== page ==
Aryng’s uses its proprietary data-to-decisions BADIR framework to resolve client’s problems.

BADIR is a five-step recipe-based plan to help you follow a structured approach to find the solutions efficiently. The process takes you from determining what questions to ask, through the design of your analysis, the collection of data, and data analysis, all the way to recommendations for actions to help drive impact on your business.

In this case, the client wanted to determine the differences in Net Promoter Score (NPS), identify keywords from verbatim analysis of customers’ feedback comments giving indicators of churn, and analyze the NPS and churn behavior. NPS is a metric that determines the rate at which customers are likely to recommend a company, product, or service.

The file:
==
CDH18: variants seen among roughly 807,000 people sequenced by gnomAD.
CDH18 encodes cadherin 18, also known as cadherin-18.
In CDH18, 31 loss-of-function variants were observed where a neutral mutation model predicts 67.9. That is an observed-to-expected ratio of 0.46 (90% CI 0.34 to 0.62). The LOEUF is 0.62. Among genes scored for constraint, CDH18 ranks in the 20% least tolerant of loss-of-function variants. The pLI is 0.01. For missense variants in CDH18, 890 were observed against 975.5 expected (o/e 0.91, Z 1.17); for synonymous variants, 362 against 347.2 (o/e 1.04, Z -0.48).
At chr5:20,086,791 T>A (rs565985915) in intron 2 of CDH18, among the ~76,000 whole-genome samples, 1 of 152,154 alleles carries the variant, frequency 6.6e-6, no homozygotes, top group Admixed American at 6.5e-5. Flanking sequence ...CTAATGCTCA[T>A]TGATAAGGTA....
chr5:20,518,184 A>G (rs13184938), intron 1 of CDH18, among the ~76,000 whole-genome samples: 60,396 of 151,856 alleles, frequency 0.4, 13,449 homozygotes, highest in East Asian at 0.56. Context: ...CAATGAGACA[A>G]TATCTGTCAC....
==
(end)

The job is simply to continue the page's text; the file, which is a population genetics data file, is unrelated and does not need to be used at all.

The first step of BADIR is to identify the business problem. In this case, it was to determine the action the leadership should take to lower churn and increase NPS. We then formed an analysis plan using a few hypotheses – smaller divisions have better NPS scores than larger divisions as the former tend to offer better customer service than the latter; larger clients have lower customer satisfaction; likely keywords will be related to either inability to fill positions or delay in the same

Based on this plan, we collected the required data from the comments and feedback of the client’s customers using text analytics.

A few examples of the comments were as follows: 

  • “Sending drivers to us without the experience to do the job.”
  • “We do not get qualified members promptly.”


Also read: Are you a Data Science hero — aka BADIRist?

Insights and recommendations

Since the task at hand involved text data, the insights were based on text analytics.

With the advent of deep learning algorithms, complex language models, and advanced natural language processing techniques, there are various ways to carry out text analytics.